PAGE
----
Living costs in Australia

Migration regulations in Australia require international students to show evidence that they can contribute to the cost of living and studying in Australia.

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This helps to ensure students are better able to make the most of their studies and have a safe and enjoyable experience in Australia.

While international students are able to supplement their income with money earned through part-time work in Australia, the ‘living costs’ requirement helps to support the success of students in their studies by ensuring that they don’t have to rely on such work to meet all their expenses.

From 1 July 2012, the basic rate of living costs under the Migration regulations increased. Under these regulations prospective student visa applicants and their family members must have access to the following funds to meet the living costs requirements:

  • A$18,610 a year for the main student;
  • A$6,515 a year for the student’s partner;
  • A$3,720 a year for the student’s first child; and
  • A$2,790 a year for every other child and where required.

Students must demonstrate that the funds they are relying upon to meet the costs of studying in Australia will be genuinely available to them during their stay in Australia.

The figures above are indicative only and that costs can vary significantly depending on where you live in Australia. You should be prepared in case your living costs are greater than the indicated figures.

For more information visit the Department of Immigration and Citizenship http://www.immi.gov.au/students/student-visa-living-costs.htm website.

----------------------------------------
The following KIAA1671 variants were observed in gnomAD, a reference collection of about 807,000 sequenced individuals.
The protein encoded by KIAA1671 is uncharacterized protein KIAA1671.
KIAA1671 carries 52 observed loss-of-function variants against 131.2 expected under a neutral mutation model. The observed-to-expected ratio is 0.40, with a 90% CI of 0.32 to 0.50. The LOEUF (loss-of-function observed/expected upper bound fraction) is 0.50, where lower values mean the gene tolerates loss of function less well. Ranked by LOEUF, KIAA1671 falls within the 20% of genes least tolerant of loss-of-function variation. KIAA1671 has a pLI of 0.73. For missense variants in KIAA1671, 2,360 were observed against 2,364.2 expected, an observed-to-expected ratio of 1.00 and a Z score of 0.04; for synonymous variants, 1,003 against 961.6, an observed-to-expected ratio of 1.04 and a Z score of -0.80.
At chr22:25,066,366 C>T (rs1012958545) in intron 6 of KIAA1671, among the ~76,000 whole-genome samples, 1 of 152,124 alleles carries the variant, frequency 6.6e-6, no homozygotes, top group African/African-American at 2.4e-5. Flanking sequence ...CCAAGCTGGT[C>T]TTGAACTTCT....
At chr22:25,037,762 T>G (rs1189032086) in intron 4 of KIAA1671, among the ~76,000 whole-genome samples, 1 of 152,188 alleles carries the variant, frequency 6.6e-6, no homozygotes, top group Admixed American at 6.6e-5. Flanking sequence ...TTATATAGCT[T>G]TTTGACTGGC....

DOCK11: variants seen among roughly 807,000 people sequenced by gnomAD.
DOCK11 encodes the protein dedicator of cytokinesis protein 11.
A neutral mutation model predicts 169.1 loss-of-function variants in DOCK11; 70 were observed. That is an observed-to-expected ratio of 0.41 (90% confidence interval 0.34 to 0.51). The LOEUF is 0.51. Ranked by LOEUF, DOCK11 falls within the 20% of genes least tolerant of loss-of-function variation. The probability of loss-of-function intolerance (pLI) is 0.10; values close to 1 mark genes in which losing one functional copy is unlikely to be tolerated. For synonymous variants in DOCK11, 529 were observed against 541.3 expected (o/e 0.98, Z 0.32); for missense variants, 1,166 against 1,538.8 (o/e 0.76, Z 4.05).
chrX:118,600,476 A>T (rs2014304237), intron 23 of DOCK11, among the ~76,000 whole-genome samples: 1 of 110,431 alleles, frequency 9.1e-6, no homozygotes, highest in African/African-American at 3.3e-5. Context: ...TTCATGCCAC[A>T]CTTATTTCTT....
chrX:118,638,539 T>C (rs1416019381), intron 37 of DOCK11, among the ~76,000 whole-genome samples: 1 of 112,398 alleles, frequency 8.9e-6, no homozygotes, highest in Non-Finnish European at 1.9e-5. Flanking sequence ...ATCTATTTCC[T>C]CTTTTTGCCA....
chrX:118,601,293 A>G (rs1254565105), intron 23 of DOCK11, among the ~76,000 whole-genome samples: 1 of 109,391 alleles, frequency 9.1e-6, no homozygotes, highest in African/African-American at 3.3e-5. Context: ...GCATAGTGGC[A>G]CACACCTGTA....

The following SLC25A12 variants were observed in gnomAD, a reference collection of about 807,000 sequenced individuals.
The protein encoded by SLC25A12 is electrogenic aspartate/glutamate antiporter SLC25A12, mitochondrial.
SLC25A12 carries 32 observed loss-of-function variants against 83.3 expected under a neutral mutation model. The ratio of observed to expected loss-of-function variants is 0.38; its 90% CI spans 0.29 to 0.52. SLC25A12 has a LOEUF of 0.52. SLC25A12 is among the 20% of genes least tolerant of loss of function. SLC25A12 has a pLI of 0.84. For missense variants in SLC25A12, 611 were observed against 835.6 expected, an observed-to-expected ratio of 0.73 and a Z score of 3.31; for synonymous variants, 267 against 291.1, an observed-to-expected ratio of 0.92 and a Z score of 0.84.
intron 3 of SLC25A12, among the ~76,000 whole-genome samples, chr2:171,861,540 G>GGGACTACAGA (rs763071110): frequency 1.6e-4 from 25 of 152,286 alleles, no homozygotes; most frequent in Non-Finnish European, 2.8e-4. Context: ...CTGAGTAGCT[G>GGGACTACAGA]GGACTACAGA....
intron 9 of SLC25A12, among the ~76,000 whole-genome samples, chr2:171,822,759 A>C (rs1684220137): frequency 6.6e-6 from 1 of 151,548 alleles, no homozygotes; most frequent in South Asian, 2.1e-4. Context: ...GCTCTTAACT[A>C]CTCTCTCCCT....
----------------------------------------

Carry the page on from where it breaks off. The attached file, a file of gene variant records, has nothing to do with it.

Budgeting

Once you’ve settled in it’s recommended you work out a budget covering costs including clothing, food, accommodation, transport and entertainment. Travel costs and child care, if applicable, should also be taken into account. It’s important to be aware of how much money you spend and where you are spending it. Sticking to a budget will ensure you are on top of where you money goes.

Read more about budgeting at www.understandingmoney.gov.au 

Important information for Iranian students facing financial pressures https://aei.gov.au/News/Latest-News/Pages/Article-InformationforIranians…

Shopping

Australia’s major town centres and capital cities have world-class shopping facilities. Hours are generally 9.00am to 5.30pm seven days a week, with late night shopping until 9.00pm on Thursdays or Fridays. Some supermarkets are open 24 hours a day seven days a week.

Mainstream grocery stores in Australia include Coles, Woolworths and Aldi. Major department stores in Australia include Myer and David Jones.

Below is a list of average costs for everyday grocery products in Australia:

  • loaf of bread – A$2.50 to A$3.00;
  • two litres of milk – A$2.20 to A$2.90;
  • newspaper – A$1.50 to A$3.00;
  • box of breakfast cereal – A$3.00 to A$4.00;
  • jar of instant coffee – A$3.00 to A$4.00;
  • bottle of soft drink – A$1.50 to A$3.00;
  • bottle of shampoo – A$2.50 to A$4.50;
  • bar of soap – A$1.50 to A$2.50;
  • one apple – 50 cents to 80 cents;
  • one banana – 60 cents to 90 cents;
  • beef (500 grams) – A$7.00 to A$8.00; and
  • chicken (600 grams) – A$7.00 to A$8.00

Clothing

While there are no set rules on clothing in Australia, many workplaces, restaurants, clubs and bars have a dress code. Australian people generally dress in modern clothing influenced by personal taste, status, place of work, lifestyle and location.

The cost of clothing in Australia can vary. There are a number of quality variety stores such as K-Mart and Big W where you can find low cost clothing and shoes of all varieties. Department and speciality stores such as Myer and David Jones carry more expensive higher end clothing labels.

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